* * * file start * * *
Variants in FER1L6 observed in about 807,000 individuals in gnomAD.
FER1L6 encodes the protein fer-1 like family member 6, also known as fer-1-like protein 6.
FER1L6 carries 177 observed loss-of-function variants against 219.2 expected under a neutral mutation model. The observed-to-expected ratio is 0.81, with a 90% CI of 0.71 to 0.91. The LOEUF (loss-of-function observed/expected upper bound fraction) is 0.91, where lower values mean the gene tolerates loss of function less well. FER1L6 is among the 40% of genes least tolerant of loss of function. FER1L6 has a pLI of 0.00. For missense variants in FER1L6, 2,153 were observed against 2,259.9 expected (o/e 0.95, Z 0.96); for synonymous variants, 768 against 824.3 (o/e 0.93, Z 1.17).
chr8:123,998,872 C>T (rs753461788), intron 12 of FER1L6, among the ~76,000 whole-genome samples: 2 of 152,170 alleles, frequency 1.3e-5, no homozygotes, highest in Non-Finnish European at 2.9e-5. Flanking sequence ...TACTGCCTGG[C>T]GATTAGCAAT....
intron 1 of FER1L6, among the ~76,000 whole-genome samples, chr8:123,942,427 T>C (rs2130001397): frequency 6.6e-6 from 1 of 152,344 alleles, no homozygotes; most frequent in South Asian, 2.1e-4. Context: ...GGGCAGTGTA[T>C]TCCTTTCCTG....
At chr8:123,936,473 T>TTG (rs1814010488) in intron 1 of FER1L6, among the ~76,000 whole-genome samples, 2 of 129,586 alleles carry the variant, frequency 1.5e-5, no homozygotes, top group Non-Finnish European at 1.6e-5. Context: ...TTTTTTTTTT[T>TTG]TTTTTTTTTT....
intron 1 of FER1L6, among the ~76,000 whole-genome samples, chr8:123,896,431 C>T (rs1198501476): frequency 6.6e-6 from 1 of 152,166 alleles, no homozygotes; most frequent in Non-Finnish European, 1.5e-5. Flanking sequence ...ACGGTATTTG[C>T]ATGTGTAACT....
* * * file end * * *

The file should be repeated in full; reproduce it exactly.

Variants in FER1L6 observed in about 807,000 individuals in gnomAD.
FER1L6 encodes the protein fer-1 like family member 6, also known as fer-1-like protein 6.
FER1L6 carries 177 observed loss-of-function variants against 219.2 expected under a neutral mutation model. The observed-to-expected ratio is 0.81, with a 90% CI of 0.71 to 0.91. The LOEUF (loss-of-function observed/expected upper bound fraction) is 0.91, where lower values mean the gene tolerates loss of function less well. FER1L6 is among the 40% of genes least tolerant of loss of function. FER1L6 has a pLI of 0.00. For missense variants in FER1L6, 2,153 were observed against 2,259.9 expected (o/e 0.95, Z 0.96); for synonymous variants, 768 against 824.3 (o/e 0.93, Z 1.17).
chr8:123,998,872 C>T (rs753461788), intron 12 of FER1L6, among the ~76,000 whole-genome samples: 2 of 152,170 alleles, frequency 1.3e-5, no homozygotes, highest in Non-Finnish European at 2.9e-5. Flanking sequence ...TACTGCCTGG[C>T]GATTAGCAAT....
intron 1 of FER1L6, among the ~76,000 whole-genome samples, chr8:123,942,427 T>C (rs2130001397): frequency 6.6e-6 from 1 of 152,344 alleles, no homozygotes; most frequent in South Asian, 2.1e-4. Context: ...GGGCAGTGTA[T>C]TCCTTTCCTG....
At chr8:123,936,473 T>TTG (rs1814010488) in intron 1 of FER1L6, among the ~76,000 whole-genome samples, 2 of 129,586 alleles carry the variant, frequency 1.5e-5, no homozygotes, top group Non-Finnish European at 1.6e-5. Context: ...TTTTTTTTTT[T>TTG]TTTTTTTTTT....
intron 1 of FER1L6, among the ~76,000 whole-genome samples, chr8:123,896,431 C>T (rs1198501476): frequency 6.6e-6 from 1 of 152,166 alleles, no homozygotes; most frequent in Non-Finnish European, 1.5e-5. Flanking sequence ...ACGGTATTTG[C>T]ATGTGTAACT....